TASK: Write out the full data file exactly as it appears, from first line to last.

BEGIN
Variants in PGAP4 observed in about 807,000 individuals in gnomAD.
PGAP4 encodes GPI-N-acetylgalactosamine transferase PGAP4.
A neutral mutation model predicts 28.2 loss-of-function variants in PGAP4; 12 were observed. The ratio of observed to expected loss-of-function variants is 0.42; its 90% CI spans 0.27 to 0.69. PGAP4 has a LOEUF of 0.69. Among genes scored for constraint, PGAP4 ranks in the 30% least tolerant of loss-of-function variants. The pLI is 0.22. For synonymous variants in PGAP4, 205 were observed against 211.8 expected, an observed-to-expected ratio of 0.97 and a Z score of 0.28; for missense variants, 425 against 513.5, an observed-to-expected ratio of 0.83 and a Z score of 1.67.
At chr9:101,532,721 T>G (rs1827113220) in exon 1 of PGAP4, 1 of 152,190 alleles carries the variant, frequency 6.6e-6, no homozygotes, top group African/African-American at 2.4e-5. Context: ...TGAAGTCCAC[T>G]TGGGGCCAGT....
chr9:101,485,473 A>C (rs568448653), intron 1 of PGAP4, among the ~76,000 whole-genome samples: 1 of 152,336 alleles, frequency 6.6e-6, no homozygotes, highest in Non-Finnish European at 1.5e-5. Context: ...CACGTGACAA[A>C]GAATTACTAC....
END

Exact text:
Variants in PGAP4 observed in about 807,000 individuals in gnomAD.
PGAP4 encodes GPI-N-acetylgalactosamine transferase PGAP4.
A neutral mutation model predicts 28.2 loss-of-function variants in PGAP4; 12 were observed. The ratio of observed to expected loss-of-function variants is 0.42; its 90% CI spans 0.27 to 0.69. PGAP4 has a LOEUF of 0.69. Among genes scored for constraint, PGAP4 ranks in the 30% least tolerant of loss-of-function variants. The pLI is 0.22. For synonymous variants in PGAP4, 205 were observed against 211.8 expected, an observed-to-expected ratio of 0.97 and a Z score of 0.28; for missense variants, 425 against 513.5, an observed-to-expected ratio of 0.83 and a Z score of 1.67.
At chr9:101,532,721 T>G (rs1827113220) in exon 1 of PGAP4, 1 of 152,190 alleles carries the variant, frequency 6.6e-6, no homozygotes, top group African/African-American at 2.4e-5. Context: ...TGAAGTCCAC[T>G]TGGGGCCAGT....
chr9:101,485,473 A>C (rs568448653), intron 1 of PGAP4, among the ~76,000 whole-genome samples: 1 of 152,336 alleles, frequency 6.6e-6, no homozygotes, highest in Non-Finnish European at 1.5e-5. Context: ...CACGTGACAA[A>C]GAATTACTAC....